Capture

At the end of the day price is going to be something that society is going to have to deal with it whether is rational or overpriced. It represents what we as society value and what is associated with the rich and the poor!

Journal Prompt #1- Hsin-Yen Liu

What determines a student’s mark? Knowledge? Intelligence? Effort? Sure. But apparently there’s one more thing: money.

In 2011, The Toronto Star published an article revealing the issue of students paying for grades.  Basically, certain private secondary schools, known as “credit mills,” allow students to earn easy and inflated marks for a fee of $500 to $980 per course. Below are some of the findings on credit mills:

  • Grades at some private schools arbitrarily increased upon request
  • Credits granted with less than half of mandatory class hours completed
  • Missing student assessments
  • Teachers without proper qualifications and those who “do not understand” evaluation and assessment
  • Rewriting of tests for $100
  • Students left to write tests with little supervision and access to the Internet.

Most people, I assume, would frown upon the idea of paying to get good marks. If students can exchange paper bills for better marks, then what would become of the meaning of marks? Wouldn’t marks become a measure of wealth, not ability? However, as questionable as this credit-mill business may seem, it exists, and it seems quite successful.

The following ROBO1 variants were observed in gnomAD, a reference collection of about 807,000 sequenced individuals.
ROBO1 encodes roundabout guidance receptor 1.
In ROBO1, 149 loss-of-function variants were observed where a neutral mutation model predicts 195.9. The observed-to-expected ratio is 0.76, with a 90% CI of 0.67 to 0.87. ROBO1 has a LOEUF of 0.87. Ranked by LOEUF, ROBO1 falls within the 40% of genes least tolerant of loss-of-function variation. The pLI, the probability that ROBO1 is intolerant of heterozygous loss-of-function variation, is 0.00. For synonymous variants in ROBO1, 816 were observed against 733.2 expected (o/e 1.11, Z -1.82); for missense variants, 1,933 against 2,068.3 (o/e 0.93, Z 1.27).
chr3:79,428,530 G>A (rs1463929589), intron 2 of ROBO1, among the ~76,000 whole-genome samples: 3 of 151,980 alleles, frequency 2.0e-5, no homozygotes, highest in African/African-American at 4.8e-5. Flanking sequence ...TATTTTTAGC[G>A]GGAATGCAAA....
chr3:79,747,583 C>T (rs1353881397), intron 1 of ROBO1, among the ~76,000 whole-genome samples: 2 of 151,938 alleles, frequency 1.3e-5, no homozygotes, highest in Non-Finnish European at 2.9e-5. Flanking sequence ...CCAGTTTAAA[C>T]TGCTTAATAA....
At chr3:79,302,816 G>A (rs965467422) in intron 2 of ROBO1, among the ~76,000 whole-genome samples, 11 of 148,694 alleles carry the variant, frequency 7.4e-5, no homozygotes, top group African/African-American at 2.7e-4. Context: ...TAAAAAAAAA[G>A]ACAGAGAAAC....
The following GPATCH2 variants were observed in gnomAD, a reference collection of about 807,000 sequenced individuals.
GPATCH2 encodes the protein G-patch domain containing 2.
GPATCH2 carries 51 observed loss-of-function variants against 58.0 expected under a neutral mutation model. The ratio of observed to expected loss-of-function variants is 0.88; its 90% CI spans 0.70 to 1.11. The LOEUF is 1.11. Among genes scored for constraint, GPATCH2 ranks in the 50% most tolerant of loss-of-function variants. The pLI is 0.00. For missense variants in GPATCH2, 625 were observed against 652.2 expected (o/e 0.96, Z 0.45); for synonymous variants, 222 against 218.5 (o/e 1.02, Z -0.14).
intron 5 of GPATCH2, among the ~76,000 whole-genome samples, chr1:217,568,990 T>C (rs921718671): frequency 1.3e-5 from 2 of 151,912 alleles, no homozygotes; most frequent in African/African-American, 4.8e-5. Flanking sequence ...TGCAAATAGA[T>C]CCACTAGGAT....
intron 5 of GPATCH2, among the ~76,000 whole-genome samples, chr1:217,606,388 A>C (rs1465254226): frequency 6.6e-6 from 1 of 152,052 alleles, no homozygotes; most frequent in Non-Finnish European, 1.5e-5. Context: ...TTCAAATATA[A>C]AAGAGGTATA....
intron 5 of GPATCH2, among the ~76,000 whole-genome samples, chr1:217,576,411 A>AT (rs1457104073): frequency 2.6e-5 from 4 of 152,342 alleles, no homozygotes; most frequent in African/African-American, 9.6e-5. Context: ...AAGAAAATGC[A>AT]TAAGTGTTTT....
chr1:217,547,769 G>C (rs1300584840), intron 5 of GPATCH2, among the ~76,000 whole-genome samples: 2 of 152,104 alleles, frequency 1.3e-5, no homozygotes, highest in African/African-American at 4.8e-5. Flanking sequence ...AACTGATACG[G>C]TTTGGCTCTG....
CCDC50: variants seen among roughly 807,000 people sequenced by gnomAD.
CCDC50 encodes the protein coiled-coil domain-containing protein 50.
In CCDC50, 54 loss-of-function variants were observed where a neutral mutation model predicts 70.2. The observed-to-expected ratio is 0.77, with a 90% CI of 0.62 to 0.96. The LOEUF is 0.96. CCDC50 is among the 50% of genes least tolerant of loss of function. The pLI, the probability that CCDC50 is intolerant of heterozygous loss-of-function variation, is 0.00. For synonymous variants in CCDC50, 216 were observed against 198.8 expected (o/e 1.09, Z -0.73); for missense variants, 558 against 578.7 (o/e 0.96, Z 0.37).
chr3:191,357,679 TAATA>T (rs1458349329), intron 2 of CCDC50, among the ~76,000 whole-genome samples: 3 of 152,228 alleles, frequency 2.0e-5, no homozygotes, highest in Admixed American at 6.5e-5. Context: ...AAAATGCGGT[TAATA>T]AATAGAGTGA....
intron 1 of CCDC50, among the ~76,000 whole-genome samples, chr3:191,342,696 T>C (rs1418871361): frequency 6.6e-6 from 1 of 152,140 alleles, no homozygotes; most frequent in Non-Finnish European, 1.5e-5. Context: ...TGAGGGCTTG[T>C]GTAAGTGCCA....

The question is: why?

Incentives and Opportunity Costs
We can use incentives and opportunity costs to explain why private schools are willing to sell “A-credits,” as well as why some students are willing to pay large amounts of money for higher marks.

For the credit mills, it is clear why they want to give easy marks to students: economic incentives (money). By allowing students to get high marks effortlessly, the schools attract desperate students who will pay $500 to $980— as mentioned earlier—for each of the courses that they take. This makes a lucrative business that the schools would definitely not want to miss out on. So basically, for the credit mills— which have nothing to offer (they obviously don’t offer good education if they have unqualified teachers) except easy marks—

Now, how about the students? Why would some students want to obtain their credits from credit mills? Well, we can analyze the opportunity costs— the values of the next best choice.

If the students choose to go to regular schools, their opportunity cost would include the higher marks that they could have gotten from the credit-mills. This could very well translate into getting into the desired university programs and receiving scholarships. Also, perhaps less importantly, the opportunity cost would also include some extra time; if they have gone to the credit-mill schools, they would have gotten their credits with less than half of the mandatory class hours, as well as fewer assessments to spend time worrying about.

On the other hand, if the students choose to buy easy marks, their opportunity cost would include the $500 to $980 that they spend on each of their courses, as well as “proper” education. What do I mean by proper education? Well, education with qualified teachers, enough class hours, and reasonably difficult tests during which the Internet is not allowed —none of which you can find in the description of a credit-mill class. By not receiving proper education, it is obvious that the students do not study or learn as much as they would have in a regular class.